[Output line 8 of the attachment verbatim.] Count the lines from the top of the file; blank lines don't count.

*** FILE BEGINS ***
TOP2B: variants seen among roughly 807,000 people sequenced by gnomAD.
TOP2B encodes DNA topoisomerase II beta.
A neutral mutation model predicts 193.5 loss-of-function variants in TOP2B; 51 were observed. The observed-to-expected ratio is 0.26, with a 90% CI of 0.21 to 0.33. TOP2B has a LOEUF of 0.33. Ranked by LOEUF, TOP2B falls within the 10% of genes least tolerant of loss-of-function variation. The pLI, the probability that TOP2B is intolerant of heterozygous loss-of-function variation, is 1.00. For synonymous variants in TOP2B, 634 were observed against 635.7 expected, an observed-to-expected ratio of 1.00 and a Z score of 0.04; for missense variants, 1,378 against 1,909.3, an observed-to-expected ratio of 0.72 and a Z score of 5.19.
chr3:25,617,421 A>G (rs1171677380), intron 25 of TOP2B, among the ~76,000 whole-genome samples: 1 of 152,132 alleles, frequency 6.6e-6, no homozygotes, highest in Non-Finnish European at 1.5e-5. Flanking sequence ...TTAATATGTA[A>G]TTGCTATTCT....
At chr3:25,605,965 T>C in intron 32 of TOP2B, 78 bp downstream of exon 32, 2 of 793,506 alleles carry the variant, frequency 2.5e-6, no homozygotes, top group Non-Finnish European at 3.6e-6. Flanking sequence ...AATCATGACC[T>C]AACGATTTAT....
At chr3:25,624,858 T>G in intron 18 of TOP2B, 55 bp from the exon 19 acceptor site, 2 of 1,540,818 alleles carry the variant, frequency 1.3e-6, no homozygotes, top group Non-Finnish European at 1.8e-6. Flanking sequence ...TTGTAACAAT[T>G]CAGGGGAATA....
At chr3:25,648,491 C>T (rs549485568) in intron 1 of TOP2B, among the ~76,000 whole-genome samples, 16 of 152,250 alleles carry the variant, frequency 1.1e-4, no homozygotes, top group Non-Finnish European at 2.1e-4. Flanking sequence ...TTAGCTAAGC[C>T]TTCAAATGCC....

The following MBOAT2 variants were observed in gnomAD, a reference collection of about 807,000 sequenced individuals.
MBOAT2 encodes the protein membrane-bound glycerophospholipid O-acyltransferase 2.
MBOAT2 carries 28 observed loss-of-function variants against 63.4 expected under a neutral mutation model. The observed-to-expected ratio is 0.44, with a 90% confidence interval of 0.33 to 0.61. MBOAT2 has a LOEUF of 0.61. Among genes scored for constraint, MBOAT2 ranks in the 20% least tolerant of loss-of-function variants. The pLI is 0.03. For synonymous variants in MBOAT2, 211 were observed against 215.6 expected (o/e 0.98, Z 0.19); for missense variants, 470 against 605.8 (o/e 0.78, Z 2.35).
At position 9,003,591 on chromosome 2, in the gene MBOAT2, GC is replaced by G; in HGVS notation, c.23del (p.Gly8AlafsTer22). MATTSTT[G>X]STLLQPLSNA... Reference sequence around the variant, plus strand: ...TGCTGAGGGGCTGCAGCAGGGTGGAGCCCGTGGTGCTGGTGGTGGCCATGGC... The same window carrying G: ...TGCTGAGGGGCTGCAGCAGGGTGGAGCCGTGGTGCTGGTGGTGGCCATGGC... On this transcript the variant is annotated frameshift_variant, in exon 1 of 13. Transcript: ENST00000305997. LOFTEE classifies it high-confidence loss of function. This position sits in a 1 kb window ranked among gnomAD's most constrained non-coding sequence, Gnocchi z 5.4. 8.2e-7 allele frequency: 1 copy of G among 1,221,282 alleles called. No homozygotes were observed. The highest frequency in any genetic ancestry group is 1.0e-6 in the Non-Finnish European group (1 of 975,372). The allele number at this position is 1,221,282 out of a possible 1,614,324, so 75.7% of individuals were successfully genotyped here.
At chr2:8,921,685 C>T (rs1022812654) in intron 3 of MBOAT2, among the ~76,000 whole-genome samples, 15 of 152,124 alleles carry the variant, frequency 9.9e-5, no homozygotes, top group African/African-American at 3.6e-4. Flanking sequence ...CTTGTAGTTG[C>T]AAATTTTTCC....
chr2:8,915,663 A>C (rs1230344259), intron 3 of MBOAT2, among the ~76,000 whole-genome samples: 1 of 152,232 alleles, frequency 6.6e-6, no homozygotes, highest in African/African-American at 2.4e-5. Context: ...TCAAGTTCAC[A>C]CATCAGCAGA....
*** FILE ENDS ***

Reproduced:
The following MBOAT2 variants were observed in gnomAD, a reference collection of about 807,000 sequenced individuals.